We discussed how the answer to this is largely centred around literacy and education. The buzz around GenAI has driven a huge awareness increase but led to a narrowed view on what AI is, dismissing most traditional AI that came before. This distortion in the perception of what AI is and what it is capable of, can make it harder for enterprises to adopt AI at scale and harness the benefits. Focussing on outlining the way AI works, the options available and the solutions to risk, will increase trust and adoption across the sector. 

Final Thoughts

Our research report found energy firms are lacking in AI maturity–30% of energy firms are pessimistic about their AI maturity compared to just 9% of financial services organisations. Additionally, 21% of energy enterprises are not confident they have the right skills to safely and securely innovate with AI.

So while the energy & utilities industry may well be lagging behind other industries, the energy and appetite at TechUK’s Net Zero conference demonstrates the opportunity for AI to power the clean energy transition is enormous. We discussed a number of recommendations for enterprises on their road to AI adoption:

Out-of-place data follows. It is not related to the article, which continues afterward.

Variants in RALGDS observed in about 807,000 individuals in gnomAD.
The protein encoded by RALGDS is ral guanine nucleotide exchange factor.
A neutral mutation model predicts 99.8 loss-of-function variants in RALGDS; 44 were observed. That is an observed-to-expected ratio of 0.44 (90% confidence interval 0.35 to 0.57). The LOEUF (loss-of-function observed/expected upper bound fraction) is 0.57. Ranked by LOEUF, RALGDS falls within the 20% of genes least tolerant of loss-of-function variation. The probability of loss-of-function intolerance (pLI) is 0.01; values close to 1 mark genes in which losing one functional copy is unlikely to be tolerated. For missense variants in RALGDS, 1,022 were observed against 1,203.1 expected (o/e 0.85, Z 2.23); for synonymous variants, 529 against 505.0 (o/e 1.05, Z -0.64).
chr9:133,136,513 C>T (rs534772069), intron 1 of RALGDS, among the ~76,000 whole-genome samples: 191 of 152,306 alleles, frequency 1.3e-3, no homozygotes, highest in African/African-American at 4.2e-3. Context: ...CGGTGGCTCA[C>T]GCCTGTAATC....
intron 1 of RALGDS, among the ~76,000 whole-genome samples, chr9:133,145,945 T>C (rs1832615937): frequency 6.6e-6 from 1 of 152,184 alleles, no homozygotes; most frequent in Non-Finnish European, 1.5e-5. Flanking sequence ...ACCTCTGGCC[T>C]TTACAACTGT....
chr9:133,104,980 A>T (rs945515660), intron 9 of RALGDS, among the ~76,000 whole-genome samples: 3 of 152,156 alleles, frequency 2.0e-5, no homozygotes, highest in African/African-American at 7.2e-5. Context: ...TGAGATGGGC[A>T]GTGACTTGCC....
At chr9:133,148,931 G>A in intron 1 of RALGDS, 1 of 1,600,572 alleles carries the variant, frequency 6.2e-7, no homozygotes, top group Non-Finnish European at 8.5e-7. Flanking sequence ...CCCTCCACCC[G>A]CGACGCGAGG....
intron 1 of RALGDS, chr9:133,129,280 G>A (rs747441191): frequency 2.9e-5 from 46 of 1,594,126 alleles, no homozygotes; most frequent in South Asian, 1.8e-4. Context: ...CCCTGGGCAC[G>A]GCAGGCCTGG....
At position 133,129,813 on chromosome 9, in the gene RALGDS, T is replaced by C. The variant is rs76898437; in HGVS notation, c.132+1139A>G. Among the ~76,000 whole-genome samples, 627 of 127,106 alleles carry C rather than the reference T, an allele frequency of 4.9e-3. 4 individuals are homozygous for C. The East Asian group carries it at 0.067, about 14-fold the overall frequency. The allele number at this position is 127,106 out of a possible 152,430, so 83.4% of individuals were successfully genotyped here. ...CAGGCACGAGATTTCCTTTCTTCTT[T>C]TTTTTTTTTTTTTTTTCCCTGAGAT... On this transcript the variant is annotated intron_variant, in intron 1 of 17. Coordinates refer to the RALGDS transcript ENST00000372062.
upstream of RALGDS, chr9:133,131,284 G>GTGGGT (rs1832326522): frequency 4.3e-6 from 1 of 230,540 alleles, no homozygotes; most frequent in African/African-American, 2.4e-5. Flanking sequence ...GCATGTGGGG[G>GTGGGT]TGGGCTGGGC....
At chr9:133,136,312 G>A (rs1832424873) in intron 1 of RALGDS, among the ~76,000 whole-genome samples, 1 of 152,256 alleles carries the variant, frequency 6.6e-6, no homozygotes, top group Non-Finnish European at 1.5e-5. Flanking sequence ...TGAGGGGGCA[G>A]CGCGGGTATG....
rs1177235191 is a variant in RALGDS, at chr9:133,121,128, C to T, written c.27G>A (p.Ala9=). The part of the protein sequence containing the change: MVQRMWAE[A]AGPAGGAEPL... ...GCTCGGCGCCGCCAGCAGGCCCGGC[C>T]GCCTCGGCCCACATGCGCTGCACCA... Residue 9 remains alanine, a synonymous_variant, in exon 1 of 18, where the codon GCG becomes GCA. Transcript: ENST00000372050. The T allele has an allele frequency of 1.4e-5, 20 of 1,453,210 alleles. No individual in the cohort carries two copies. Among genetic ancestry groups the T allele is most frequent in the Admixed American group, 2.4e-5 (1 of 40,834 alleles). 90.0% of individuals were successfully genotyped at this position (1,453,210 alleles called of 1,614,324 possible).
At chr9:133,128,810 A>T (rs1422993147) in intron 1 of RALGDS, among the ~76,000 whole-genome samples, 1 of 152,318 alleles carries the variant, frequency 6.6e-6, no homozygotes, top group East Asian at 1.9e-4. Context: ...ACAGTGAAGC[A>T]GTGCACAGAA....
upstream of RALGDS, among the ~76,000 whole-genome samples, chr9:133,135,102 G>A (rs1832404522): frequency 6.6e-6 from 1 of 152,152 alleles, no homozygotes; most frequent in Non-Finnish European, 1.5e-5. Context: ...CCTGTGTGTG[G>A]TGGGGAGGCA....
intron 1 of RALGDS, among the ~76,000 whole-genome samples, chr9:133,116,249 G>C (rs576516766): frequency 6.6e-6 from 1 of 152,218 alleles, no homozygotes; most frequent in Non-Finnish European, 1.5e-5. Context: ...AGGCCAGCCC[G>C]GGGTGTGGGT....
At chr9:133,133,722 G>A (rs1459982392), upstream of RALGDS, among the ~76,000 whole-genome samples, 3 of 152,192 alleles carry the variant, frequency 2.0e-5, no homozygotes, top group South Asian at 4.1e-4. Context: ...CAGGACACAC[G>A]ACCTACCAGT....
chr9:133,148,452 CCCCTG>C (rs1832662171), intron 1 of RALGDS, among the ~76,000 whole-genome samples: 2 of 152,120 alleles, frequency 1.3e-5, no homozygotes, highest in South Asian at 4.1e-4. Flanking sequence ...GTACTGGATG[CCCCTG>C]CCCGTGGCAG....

Measure: You can't improve what you can't measure. AI as a solution is optimised against a set of metrics, so in order for us to point AI in the right places, we need to design the right metrics and build them into any system or process. 

Speed: Identify the areas of opportunity for increasing the efficiency of processes. These are often non-obvious AI applications, and can begin with simple Robotic Process Automation, but can also lead to AI-based capabilities to improve these tasks: e.g. prioritisation, sequencing, execution. 

Capability: Apply AI to tasks that humans cannot do or would take years to do. For example, AI can consider all possible scenarios of an outage across the grid in seconds, considering a multitude of factors all at once, such as the demand, component age, and resource in question. These AI-powered insights can inform human decision making around energy usage, emissions, infrastructure health and grid performance, and enable the clean energy transition.

Find out how Mesh-AI revolutionised how this energy firm approaches data, powering its net zero transition.

AI and digital twins have a huge role to play in the race to net zero.

Read our key takeaways from AWS' latest Energy Symposium.